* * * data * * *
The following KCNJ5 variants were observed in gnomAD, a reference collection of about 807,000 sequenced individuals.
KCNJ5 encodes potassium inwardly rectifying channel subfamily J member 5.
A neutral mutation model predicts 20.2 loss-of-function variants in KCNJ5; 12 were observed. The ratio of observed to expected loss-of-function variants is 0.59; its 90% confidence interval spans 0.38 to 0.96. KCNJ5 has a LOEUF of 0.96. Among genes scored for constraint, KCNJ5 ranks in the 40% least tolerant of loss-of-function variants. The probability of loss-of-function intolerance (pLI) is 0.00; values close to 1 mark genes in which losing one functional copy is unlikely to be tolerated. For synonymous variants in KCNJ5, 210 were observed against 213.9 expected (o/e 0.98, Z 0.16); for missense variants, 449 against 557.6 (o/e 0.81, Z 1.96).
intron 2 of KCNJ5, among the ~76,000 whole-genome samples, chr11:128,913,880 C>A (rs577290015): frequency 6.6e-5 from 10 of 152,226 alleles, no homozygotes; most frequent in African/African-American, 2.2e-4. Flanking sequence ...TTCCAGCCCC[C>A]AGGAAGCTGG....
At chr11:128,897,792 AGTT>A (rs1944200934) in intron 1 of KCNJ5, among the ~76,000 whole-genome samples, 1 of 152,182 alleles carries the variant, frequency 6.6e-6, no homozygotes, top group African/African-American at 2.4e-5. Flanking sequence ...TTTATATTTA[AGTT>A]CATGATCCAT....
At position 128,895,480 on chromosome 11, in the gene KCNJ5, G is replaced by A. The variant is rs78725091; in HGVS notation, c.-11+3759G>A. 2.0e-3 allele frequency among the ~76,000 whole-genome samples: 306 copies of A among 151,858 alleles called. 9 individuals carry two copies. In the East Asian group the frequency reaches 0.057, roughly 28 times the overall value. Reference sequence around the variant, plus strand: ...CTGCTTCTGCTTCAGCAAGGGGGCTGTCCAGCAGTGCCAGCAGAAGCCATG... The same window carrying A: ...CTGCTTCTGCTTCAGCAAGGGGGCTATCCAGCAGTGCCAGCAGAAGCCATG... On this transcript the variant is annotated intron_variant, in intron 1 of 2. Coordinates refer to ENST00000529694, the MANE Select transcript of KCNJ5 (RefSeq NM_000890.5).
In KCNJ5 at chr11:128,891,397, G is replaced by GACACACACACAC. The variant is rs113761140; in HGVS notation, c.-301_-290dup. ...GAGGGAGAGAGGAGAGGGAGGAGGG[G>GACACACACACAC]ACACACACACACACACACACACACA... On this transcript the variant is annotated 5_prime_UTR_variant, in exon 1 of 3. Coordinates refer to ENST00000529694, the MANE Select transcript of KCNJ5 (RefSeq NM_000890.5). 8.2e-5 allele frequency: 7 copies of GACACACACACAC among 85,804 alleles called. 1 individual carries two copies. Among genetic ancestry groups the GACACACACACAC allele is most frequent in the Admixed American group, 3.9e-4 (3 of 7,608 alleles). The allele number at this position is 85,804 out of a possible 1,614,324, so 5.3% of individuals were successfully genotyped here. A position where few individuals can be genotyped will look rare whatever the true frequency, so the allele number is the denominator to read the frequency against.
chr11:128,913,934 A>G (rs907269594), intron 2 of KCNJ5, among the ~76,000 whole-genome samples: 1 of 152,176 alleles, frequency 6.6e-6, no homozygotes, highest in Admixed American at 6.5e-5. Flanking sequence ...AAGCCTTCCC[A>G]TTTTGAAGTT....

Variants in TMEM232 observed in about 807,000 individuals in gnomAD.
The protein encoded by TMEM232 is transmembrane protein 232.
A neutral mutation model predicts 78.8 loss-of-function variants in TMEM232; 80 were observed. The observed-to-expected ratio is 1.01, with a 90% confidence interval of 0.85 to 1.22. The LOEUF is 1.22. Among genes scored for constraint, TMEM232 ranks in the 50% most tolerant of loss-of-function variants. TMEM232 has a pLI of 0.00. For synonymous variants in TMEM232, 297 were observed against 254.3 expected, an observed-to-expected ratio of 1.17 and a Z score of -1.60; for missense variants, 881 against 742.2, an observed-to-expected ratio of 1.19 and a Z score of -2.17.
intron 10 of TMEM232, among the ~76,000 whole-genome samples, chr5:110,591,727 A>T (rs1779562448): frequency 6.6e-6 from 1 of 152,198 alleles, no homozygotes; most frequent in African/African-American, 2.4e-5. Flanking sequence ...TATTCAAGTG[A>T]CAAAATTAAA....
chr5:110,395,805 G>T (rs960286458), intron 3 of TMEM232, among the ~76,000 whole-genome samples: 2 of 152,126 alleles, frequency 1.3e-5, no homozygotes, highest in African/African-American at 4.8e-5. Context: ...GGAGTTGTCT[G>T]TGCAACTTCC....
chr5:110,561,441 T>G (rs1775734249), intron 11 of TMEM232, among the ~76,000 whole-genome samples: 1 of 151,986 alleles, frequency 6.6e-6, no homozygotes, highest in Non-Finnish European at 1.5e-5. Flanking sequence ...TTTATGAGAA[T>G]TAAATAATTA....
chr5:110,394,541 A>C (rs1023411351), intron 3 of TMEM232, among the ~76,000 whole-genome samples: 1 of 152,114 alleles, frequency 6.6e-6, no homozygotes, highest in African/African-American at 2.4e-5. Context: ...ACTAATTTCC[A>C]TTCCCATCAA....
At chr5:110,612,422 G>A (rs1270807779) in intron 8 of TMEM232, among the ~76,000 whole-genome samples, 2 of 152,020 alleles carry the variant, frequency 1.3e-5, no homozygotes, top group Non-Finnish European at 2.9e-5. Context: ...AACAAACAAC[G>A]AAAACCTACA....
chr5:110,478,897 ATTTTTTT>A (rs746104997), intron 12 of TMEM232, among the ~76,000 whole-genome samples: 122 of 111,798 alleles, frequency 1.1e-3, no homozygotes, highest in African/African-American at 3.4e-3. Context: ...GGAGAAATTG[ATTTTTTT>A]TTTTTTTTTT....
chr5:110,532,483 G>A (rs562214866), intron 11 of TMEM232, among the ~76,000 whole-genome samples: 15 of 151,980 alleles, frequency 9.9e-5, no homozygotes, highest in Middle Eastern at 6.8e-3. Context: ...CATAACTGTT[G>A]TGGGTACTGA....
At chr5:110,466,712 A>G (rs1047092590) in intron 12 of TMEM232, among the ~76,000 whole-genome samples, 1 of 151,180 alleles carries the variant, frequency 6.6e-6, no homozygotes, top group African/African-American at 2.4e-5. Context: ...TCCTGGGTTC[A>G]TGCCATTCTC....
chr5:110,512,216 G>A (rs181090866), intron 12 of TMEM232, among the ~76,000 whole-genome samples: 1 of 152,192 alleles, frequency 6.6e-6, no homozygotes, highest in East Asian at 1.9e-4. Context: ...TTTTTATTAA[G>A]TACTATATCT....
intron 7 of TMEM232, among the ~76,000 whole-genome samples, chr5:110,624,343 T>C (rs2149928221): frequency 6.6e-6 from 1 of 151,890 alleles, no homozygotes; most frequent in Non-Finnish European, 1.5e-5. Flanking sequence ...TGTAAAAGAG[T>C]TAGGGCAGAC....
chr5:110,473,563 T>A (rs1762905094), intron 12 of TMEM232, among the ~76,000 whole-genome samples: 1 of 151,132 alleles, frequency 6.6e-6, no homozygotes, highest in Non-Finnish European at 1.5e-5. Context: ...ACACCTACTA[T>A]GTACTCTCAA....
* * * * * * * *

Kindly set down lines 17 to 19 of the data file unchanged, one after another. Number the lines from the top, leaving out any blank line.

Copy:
chr5:110,478,897 ATTTTTTT>A (rs746104997), intron 12 of TMEM232, among the ~76,000 whole-genome samples: 122 of 111,798 alleles, frequency 1.1e-3, no homozygotes, highest in African/African-American at 3.4e-3. Context: ...GGAGAAATTG[ATTTTTTT>A]TTTTTTTTTT....
chr5:110,532,483 G>A (rs562214866), intron 11 of TMEM232, among the ~76,000 whole-genome samples: 15 of 151,980 alleles, frequency 9.9e-5, no homozygotes, highest in Middle Eastern at 6.8e-3. Context: ...CATAACTGTT[G>A]TGGGTACTGA....
At chr5:110,466,712 A>G (rs1047092590) in intron 12 of TMEM232, among the ~76,000 whole-genome samples, 1 of 151,180 alleles carries the variant, frequency 6.6e-6, no homozygotes, top group African/African-American at 2.4e-5. Context: ...TCCTGGGTTC[A>G]TGCCATTCTC....